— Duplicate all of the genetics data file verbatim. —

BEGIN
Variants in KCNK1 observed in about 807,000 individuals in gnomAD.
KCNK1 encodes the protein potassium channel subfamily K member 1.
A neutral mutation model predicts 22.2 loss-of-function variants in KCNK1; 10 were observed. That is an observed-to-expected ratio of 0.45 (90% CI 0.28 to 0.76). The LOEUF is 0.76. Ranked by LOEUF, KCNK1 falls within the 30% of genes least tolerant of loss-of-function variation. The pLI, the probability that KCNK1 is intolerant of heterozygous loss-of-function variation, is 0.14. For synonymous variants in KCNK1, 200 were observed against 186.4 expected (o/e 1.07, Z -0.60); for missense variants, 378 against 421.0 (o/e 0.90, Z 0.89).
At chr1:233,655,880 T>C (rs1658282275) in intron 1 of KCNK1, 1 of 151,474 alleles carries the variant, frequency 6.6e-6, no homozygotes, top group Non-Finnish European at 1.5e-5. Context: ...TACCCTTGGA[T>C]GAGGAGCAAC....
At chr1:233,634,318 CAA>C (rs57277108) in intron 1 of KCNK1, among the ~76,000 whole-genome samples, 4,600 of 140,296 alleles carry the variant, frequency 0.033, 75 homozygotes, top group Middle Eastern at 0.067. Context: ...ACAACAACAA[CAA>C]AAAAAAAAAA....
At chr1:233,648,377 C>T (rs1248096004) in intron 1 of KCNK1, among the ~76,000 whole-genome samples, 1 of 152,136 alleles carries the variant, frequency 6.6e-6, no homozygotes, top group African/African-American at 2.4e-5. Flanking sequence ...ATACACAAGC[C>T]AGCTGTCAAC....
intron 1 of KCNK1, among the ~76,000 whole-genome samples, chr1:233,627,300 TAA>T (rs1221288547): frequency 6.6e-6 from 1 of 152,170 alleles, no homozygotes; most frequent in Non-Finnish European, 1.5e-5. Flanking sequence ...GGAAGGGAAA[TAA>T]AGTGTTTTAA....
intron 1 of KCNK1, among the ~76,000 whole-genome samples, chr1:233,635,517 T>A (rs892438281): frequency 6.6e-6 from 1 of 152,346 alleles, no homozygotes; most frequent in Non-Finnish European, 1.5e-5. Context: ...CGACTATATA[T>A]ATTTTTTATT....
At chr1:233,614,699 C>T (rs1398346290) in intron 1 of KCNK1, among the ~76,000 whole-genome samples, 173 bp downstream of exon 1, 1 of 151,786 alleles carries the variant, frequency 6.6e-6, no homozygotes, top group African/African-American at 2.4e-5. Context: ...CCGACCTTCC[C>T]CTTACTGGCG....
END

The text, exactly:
Variants in KCNK1 observed in about 807,000 individuals in gnomAD.
KCNK1 encodes the protein potassium channel subfamily K member 1.
A neutral mutation model predicts 22.2 loss-of-function variants in KCNK1; 10 were observed. That is an observed-to-expected ratio of 0.45 (90% CI 0.28 to 0.76). The LOEUF is 0.76. Ranked by LOEUF, KCNK1 falls within the 30% of genes least tolerant of loss-of-function variation. The pLI, the probability that KCNK1 is intolerant of heterozygous loss-of-function variation, is 0.14. For synonymous variants in KCNK1, 200 were observed against 186.4 expected (o/e 1.07, Z -0.60); for missense variants, 378 against 421.0 (o/e 0.90, Z 0.89).
At chr1:233,655,880 T>C (rs1658282275) in intron 1 of KCNK1, 1 of 151,474 alleles carries the variant, frequency 6.6e-6, no homozygotes, top group Non-Finnish European at 1.5e-5. Context: ...TACCCTTGGA[T>C]GAGGAGCAAC....
At chr1:233,634,318 CAA>C (rs57277108) in intron 1 of KCNK1, among the ~76,000 whole-genome samples, 4,600 of 140,296 alleles carry the variant, frequency 0.033, 75 homozygotes, top group Middle Eastern at 0.067. Context: ...ACAACAACAA[CAA>C]AAAAAAAAAA....
At chr1:233,648,377 C>T (rs1248096004) in intron 1 of KCNK1, among the ~76,000 whole-genome samples, 1 of 152,136 alleles carries the variant, frequency 6.6e-6, no homozygotes, top group African/African-American at 2.4e-5. Flanking sequence ...ATACACAAGC[C>T]AGCTGTCAAC....
intron 1 of KCNK1, among the ~76,000 whole-genome samples, chr1:233,627,300 TAA>T (rs1221288547): frequency 6.6e-6 from 1 of 152,170 alleles, no homozygotes; most frequent in Non-Finnish European, 1.5e-5. Flanking sequence ...GGAAGGGAAA[TAA>T]AGTGTTTTAA....
intron 1 of KCNK1, among the ~76,000 whole-genome samples, chr1:233,635,517 T>A (rs892438281): frequency 6.6e-6 from 1 of 152,346 alleles, no homozygotes; most frequent in Non-Finnish European, 1.5e-5. Context: ...CGACTATATA[T>A]ATTTTTTATT....
At chr1:233,614,699 C>T (rs1398346290) in intron 1 of KCNK1, among the ~76,000 whole-genome samples, 173 bp downstream of exon 1, 1 of 151,786 alleles carries the variant, frequency 6.6e-6, no homozygotes, top group African/African-American at 2.4e-5. Context: ...CCGACCTTCC[C>T]CTTACTGGCG....